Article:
Facebook Ads

I’ve experimented with ads on Facebook.  I’ve racked up tons of likes and very few sales.  In my humble opinion, paying for ads on Facebook is a total waste of time and money for self-published authors.  I have an author friend who is running great ads on Facebook, but he’s not selling any books.  I’m not saying ads in general don’t work on Facebook.  They do.  But you are an up-and-coming author struggling to find an audience.  You aren’t Macy’s.  You aren’t selling specialty items currently in demand like face masks.  See what I mean?

Facebook Pages

A Facebook page isn’t essential, but I strongly suggest that you put some time and effort into making a good one.  If nothing else, FB pages add credibility and overall impact to your marketing campaign.  And they are FREE.  You might even sell some books from your page using the SHOP NOW button.  Pick a glowing book review and pin it at the top of your posts column.  This little maneuver has increased views and engagements on all three of my Facebook pages.

Instagram

Upload a JPEG of your book cover with a link to your Facebook page.  If you have lots of friends who spend half of their lives on Instagram, you might get lucky.  I don’t use Instagram.  Don’t ask me why.

Press Releases

I’ve created and distributed press releases on PR Web with a target audience of 30,000 journalists and bloggers. The idea is to drive traffic to your websites and generate publicity on major news sites and search engines.  You can participate at various cost levels starting at $99.  The more you spend, the bigger the audience.  I participated at the second highest level at a cost of $289 per release.  (The highest level currently costs $389).  To add interest to the releases, I created a book trailer video. (A simple book trailer without actors will cost anywhere from $250 to $300 from a reputable company).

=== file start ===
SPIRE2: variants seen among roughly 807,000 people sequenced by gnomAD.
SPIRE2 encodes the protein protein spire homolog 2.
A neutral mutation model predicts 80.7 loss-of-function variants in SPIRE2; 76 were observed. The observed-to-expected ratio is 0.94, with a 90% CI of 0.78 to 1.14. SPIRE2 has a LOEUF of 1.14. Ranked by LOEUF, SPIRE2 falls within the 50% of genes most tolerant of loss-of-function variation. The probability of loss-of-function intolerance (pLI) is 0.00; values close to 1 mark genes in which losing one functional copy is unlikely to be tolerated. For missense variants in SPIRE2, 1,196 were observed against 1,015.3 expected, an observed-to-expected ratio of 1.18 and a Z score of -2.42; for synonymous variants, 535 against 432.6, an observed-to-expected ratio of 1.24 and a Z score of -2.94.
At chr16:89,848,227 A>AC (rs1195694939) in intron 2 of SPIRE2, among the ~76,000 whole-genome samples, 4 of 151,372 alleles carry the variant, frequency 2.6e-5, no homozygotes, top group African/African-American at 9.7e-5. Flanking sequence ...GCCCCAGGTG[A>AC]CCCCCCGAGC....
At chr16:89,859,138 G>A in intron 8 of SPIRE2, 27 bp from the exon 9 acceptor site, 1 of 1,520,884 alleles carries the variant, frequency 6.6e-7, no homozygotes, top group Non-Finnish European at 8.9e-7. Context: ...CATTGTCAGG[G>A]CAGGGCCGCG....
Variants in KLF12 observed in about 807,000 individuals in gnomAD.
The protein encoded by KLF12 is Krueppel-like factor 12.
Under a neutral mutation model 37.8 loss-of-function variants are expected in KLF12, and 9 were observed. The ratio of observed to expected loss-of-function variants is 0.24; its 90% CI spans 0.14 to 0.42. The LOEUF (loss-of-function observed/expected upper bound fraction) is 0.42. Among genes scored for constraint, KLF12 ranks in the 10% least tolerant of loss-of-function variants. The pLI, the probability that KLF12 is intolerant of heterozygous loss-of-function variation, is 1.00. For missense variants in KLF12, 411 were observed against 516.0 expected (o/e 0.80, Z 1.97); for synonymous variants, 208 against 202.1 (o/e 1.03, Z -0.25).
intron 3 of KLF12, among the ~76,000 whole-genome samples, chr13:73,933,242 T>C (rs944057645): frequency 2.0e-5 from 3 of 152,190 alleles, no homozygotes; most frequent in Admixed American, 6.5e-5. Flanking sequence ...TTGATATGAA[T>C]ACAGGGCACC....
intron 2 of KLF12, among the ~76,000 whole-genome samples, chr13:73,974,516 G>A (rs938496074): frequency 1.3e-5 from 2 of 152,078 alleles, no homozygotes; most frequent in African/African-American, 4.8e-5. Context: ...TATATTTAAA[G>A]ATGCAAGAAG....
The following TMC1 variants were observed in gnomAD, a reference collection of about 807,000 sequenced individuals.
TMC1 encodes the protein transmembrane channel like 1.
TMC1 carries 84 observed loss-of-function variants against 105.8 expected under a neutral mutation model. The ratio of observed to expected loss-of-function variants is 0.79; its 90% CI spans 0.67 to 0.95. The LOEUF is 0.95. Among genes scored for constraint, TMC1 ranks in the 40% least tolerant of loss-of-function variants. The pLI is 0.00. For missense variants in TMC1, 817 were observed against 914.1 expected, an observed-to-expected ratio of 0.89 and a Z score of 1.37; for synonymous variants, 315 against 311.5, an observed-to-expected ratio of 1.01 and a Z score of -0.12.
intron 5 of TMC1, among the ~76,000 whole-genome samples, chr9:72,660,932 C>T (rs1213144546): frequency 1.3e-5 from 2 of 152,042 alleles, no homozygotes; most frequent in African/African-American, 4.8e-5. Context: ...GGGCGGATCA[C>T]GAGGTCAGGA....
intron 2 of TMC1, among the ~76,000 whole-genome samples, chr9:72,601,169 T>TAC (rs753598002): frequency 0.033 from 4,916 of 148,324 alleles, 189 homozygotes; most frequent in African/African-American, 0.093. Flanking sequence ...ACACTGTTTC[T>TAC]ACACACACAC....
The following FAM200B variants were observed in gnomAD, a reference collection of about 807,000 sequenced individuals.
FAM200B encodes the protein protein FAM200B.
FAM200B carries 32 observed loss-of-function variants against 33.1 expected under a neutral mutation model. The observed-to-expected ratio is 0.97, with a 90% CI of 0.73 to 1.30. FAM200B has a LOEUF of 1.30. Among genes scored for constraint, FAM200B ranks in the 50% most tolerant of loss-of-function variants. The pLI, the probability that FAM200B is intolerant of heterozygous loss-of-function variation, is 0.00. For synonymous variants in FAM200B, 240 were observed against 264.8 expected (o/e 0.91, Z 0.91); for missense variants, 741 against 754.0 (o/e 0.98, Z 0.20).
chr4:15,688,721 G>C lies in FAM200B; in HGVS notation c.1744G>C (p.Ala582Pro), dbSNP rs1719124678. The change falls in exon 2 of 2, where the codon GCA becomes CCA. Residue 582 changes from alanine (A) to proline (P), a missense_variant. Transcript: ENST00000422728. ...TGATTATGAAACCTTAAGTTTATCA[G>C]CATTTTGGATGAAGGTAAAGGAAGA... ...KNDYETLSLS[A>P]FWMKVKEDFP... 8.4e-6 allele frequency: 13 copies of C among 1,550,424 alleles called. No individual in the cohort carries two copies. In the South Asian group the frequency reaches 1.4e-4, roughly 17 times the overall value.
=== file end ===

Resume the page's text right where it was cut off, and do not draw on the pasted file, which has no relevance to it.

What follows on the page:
Bottom line: I could not relate any book sales to my press release adventures.  So, save your money.

Book Trailers

Book trailers are nice to have but they aren’t essential to your marketing campaign.  When I first started marketing my books twelve years ago, the pundits all said that you were dead in the water if you didn’t have a book trailer.  As it turns out, this is baloney.  Book trailers are a nice addition to your marketing package, but they aren’t powerful generators of sales.  I made trailers for my first novel, Three Days to Darkness, and my second one, Scarlet Ambrosia–Blood is the Nectar of Life.  I had fun making them and they didn’t cost too much. Recently, I used the first trailer I made as the cover photo on my Facebook page. (Note: The video has to be two minutes or less to be uploaded to the cover section). To my amazement it worked. More than a thousand people visited my Three Days to Darkness page in the span of two weeks. I made some book sales at the rate of two percent of the visits. I’m still getting views.  But here’s the thing: if you have a limited budget, use it where it will do the most good.  I’m getting to that.  Stay with me.

Audio Books